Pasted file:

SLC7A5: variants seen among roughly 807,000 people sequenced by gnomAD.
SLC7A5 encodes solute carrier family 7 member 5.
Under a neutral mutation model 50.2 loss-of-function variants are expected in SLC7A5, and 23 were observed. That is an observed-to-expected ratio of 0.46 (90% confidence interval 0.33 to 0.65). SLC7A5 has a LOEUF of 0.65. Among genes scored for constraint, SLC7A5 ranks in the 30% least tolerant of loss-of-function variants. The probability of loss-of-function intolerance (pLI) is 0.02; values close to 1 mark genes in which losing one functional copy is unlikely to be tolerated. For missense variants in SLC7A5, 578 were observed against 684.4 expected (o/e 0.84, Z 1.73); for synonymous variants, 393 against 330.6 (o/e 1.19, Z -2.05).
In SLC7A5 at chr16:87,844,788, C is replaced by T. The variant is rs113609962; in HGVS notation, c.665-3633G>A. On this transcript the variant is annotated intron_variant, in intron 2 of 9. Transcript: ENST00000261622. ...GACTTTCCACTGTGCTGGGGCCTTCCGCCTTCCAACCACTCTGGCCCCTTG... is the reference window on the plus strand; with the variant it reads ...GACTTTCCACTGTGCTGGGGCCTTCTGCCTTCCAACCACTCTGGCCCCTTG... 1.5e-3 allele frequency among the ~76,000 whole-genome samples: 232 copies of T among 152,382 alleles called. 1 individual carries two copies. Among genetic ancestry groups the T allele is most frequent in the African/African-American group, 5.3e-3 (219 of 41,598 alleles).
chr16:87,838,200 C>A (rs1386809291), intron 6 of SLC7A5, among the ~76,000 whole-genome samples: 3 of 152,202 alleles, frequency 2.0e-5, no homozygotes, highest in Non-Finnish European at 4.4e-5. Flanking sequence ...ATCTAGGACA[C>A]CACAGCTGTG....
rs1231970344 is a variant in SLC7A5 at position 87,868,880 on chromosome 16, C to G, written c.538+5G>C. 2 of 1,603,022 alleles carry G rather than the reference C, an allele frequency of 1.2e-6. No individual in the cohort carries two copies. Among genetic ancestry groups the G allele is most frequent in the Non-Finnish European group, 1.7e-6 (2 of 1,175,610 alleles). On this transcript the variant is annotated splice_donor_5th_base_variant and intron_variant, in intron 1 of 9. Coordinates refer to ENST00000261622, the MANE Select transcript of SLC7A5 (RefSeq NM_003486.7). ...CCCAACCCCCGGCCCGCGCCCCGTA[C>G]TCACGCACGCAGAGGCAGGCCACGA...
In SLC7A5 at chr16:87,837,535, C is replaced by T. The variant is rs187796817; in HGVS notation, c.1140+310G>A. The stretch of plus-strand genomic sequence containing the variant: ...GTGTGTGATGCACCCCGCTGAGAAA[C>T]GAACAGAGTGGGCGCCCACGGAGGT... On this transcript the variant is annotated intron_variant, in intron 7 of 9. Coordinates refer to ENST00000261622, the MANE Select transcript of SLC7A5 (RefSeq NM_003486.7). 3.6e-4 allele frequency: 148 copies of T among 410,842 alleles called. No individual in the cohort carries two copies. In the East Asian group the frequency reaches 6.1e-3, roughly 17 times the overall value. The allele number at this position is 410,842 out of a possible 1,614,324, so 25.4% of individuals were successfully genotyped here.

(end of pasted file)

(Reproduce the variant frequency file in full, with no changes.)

SLC7A5: variants seen among roughly 807,000 people sequenced by gnomAD.
SLC7A5 encodes solute carrier family 7 member 5.
Under a neutral mutation model 50.2 loss-of-function variants are expected in SLC7A5, and 23 were observed. That is an observed-to-expected ratio of 0.46 (90% confidence interval 0.33 to 0.65). SLC7A5 has a LOEUF of 0.65. Among genes scored for constraint, SLC7A5 ranks in the 30% least tolerant of loss-of-function variants. The probability of loss-of-function intolerance (pLI) is 0.02; values close to 1 mark genes in which losing one functional copy is unlikely to be tolerated. For missense variants in SLC7A5, 578 were observed against 684.4 expected (o/e 0.84, Z 1.73); for synonymous variants, 393 against 330.6 (o/e 1.19, Z -2.05).
In SLC7A5 at chr16:87,844,788, C is replaced by T. The variant is rs113609962; in HGVS notation, c.665-3633G>A. On this transcript the variant is annotated intron_variant, in intron 2 of 9. Transcript: ENST00000261622. ...GACTTTCCACTGTGCTGGGGCCTTCCGCCTTCCAACCACTCTGGCCCCTTG... is the reference window on the plus strand; with the variant it reads ...GACTTTCCACTGTGCTGGGGCCTTCTGCCTTCCAACCACTCTGGCCCCTTG... 1.5e-3 allele frequency among the ~76,000 whole-genome samples: 232 copies of T among 152,382 alleles called. 1 individual carries two copies. Among genetic ancestry groups the T allele is most frequent in the African/African-American group, 5.3e-3 (219 of 41,598 alleles).
chr16:87,838,200 C>A (rs1386809291), intron 6 of SLC7A5, among the ~76,000 whole-genome samples: 3 of 152,202 alleles, frequency 2.0e-5, no homozygotes, highest in Non-Finnish European at 4.4e-5. Flanking sequence ...ATCTAGGACA[C>A]CACAGCTGTG....
rs1231970344 is a variant in SLC7A5 at position 87,868,880 on chromosome 16, C to G, written c.538+5G>C. 2 of 1,603,022 alleles carry G rather than the reference C, an allele frequency of 1.2e-6. No individual in the cohort carries two copies. Among genetic ancestry groups the G allele is most frequent in the Non-Finnish European group, 1.7e-6 (2 of 1,175,610 alleles). On this transcript the variant is annotated splice_donor_5th_base_variant and intron_variant, in intron 1 of 9. Coordinates refer to ENST00000261622, the MANE Select transcript of SLC7A5 (RefSeq NM_003486.7). ...CCCAACCCCCGGCCCGCGCCCCGTA[C>G]TCACGCACGCAGAGGCAGGCCACGA...
In SLC7A5 at chr16:87,837,535, C is replaced by T. The variant is rs187796817; in HGVS notation, c.1140+310G>A. The stretch of plus-strand genomic sequence containing the variant: ...GTGTGTGATGCACCCCGCTGAGAAA[C>T]GAACAGAGTGGGCGCCCACGGAGGT... On this transcript the variant is annotated intron_variant, in intron 7 of 9. Coordinates refer to ENST00000261622, the MANE Select transcript of SLC7A5 (RefSeq NM_003486.7). 3.6e-4 allele frequency: 148 copies of T among 410,842 alleles called. No individual in the cohort carries two copies. In the East Asian group the frequency reaches 6.1e-3, roughly 17 times the overall value. The allele number at this position is 410,842 out of a possible 1,614,324, so 25.4% of individuals were successfully genotyped here.